As inithe forms previously described, thebatt of'filler materiallin, ifs compressed state is subjectedftoa tempera:

ture above the strain point but below the point at which thesurfacesof'the fillenmaterial. to providepassages for.

facilitating evacuation.

While, in the form of invention shown in.Figs.. 5 and. 6, both surfaces have been illustrated 'asincludingawaflfle gridpattern, it will be apparent that,.if desired, one.

of the dies could use a fiat. surface so. that onlya single surface offthe filler material is deformed. in. themamaer. descrihed. Additionally, whilea specific .pattern,-,name1y a waffl'egrid pattern, has been employed. for purposes of-illustration, ,it will be. apparent that any other pattern. providing passages for movement of gases along oneor both surfacesof the fillermaterial between the filler ma:

terialandlthe. correspondingwall of the sealed envelope.

could be utilized.

While Ihave shown and described specificembodiments of "my invention particularlysuitable for use with vacuum insulated structures, I .do not desire my'invention to be lithitedLto the particular details shown anddescribedfandlinteniby the appendedfclaims, to cover allmodifications-within the spirit and scopeofmy inven-. (1011;.

What I.,c1aim. as new and dBSlIZBxtO: secure: by-Letters.

Patent ofthe United'S'tates is:

1.- Av method of. manufacturing an. evacuated insulating structure which comprisesproviding a:fir-st wal1 and a second.pan-shaped wall of predetermined depthincluding a. central. portionand a rim. extending, toward,-

said'firstrwall for, spacing said. first wall fromsaid central portionoiil'said second. wall, providing. a. batt of. fillermateriaLofa? thickness greatly exceeding the depthrofsaidasecondwall,v said. batt filler material consisting, of: a plurality of elongated glass filaments, applying a force atleast of the order. of one atmosphere to compress'said a. thickness substantially equal to the depth of said-:second wall,.and, while said force is applied, heatingsaidbatt to. a temperatureabove thestrain point of the glass filaments andmbelow' the temperatureat whichany softening and flow of the glass occurs to cause saidbatt to, substantially retain itscompressedform aftertsaid force is removed, cooling, said batt to. a temperaturesubstantiallybelow said strain point before removing-,said force, assemblingsaid compressed. batt in said paneshaped -secend, wall, bringingsaid first wall-into engagementwith said. secondwall to enclose said batt, weldingsaid first Wall to said second Wall to seal said structure, andevacuatingsaid sealed'structureto a-pressu-re of the order of micronsof mercury.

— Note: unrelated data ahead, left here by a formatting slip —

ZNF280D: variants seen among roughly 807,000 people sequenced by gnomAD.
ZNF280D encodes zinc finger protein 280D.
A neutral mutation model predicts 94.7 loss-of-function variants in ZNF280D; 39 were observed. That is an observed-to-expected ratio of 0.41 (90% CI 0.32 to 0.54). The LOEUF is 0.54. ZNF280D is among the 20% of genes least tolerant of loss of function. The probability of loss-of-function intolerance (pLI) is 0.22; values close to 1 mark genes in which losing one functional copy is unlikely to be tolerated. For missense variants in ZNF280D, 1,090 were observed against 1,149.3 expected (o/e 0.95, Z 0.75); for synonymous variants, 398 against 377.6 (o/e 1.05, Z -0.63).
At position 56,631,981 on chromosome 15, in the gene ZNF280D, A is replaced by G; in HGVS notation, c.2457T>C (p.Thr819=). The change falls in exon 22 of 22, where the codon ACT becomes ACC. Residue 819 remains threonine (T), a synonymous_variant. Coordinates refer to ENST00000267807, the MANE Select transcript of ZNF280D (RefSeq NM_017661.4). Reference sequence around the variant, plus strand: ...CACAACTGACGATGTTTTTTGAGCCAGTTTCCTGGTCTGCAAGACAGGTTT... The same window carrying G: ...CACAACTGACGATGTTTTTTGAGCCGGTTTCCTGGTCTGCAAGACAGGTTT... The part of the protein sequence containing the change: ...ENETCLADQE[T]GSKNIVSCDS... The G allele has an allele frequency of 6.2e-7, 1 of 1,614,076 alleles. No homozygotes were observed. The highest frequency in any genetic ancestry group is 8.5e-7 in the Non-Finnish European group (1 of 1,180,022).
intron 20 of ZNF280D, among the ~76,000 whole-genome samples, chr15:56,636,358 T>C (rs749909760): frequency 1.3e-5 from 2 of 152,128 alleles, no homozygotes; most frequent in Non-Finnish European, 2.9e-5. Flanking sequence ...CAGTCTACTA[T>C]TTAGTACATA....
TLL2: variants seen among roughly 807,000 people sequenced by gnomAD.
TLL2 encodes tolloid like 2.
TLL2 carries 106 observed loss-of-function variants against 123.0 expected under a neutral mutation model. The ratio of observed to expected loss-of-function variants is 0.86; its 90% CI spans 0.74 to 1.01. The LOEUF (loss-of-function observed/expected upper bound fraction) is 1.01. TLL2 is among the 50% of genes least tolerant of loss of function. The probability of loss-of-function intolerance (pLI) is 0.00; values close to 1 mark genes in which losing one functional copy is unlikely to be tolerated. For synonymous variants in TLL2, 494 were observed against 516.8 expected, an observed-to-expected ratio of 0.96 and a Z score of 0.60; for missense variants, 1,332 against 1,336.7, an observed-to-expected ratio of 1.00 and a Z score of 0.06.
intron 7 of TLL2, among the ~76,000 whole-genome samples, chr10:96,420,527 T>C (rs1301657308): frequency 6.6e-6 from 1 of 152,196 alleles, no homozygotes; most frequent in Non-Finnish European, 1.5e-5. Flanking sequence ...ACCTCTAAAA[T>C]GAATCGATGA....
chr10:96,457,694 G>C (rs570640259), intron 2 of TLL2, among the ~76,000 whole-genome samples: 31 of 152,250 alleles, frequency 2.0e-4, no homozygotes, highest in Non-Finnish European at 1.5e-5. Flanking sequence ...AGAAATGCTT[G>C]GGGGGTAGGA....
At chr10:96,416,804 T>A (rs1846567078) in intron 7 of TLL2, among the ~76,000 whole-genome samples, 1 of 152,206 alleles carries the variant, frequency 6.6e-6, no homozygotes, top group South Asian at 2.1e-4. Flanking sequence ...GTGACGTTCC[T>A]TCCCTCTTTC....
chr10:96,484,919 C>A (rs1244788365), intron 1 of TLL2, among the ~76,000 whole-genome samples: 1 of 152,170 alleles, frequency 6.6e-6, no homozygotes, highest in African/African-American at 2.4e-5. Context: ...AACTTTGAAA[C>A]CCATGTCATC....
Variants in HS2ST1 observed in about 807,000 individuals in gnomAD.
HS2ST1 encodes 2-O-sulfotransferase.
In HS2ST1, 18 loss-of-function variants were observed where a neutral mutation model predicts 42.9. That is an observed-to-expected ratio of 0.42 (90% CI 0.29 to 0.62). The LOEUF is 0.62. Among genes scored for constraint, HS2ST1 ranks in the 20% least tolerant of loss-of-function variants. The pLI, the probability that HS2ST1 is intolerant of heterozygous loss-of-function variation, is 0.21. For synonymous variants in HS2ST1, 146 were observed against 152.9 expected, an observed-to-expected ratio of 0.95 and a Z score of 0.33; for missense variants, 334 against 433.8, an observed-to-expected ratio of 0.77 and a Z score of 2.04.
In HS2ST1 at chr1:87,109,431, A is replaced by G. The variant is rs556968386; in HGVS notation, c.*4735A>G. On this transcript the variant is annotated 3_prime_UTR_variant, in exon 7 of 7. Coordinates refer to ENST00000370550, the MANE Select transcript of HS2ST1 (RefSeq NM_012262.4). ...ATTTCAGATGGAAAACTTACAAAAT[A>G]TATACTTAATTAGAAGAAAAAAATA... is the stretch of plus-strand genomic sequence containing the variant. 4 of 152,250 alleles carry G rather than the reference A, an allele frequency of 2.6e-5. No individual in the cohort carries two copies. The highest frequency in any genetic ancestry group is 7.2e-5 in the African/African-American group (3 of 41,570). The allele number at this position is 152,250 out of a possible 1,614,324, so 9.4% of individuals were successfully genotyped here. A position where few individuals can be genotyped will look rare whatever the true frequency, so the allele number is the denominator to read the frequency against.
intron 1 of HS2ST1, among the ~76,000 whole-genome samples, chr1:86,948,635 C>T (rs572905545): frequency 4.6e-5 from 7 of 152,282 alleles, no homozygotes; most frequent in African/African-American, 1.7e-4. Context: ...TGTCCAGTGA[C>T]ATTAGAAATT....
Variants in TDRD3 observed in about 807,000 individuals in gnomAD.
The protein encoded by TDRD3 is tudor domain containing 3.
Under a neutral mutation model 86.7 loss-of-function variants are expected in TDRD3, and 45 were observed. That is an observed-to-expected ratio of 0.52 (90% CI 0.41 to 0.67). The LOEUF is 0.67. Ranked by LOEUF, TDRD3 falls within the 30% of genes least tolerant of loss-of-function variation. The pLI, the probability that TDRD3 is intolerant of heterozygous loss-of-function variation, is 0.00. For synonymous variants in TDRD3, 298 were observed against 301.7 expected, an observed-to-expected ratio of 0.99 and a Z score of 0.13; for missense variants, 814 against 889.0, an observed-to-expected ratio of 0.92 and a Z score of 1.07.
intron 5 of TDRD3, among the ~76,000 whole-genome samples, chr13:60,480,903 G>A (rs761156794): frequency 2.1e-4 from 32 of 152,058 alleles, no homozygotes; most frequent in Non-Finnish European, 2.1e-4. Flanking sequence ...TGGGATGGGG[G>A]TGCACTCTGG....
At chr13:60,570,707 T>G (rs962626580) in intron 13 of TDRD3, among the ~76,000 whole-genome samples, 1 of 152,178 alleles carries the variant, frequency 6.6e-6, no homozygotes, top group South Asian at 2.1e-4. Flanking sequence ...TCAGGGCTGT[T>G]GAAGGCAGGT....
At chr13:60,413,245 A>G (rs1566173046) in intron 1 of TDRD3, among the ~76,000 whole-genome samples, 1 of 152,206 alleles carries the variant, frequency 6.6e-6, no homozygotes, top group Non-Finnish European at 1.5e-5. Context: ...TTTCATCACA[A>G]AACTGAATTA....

2; The v method of claim 1 in which said. batt consists of borosilicate glass-filamentsand the compressed batt is heated. to atemperature of from. 450 to 500 C. for a...p eri0d.offrom five to fifteen minutes to cause said batt-to 313111.115 compressed form after the compressing;

References Cited in the file of this patent UNITED STATES PATENTS 1,186,572" Gui'bert June 13, 1916 1,888,166 Geipel Nov. 15, 1932 1;898i977 Cbmstock Feb; 21, 1933 2,023,354 Cope Dec. 3, 1935" 2,253,884 Lown Aug. 19, 1941 2,263,217 Lillie'et a1. Nov. 18, 1941 2,271,829" Powers Feb; 3, 1942 2,565,941 Barnard Aug; 28'; 1951' FOREIGN PATENTS 137,781 Austria May 25,- 1934- 475,464 Great Britain Nov. 19; 1937

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U.S. Classification65/483, 29/419.1, 29/463, 181/290, 65/36
International ClassificationF25D23/06, C04B30/02, E04B1/80, F16L59/04, E04C2/292
Cooperative ClassificationE04C2/292, F25D23/06, F25D2201/124, F25D2201/14, E04B1/803, Y02B80/12, F25D23/065, F16L59/04, C04B30/02
European ClassificationE04B1/80B, F25D23/06, F25D23/06C, F16L59/04, C04B30/02, E04C2/292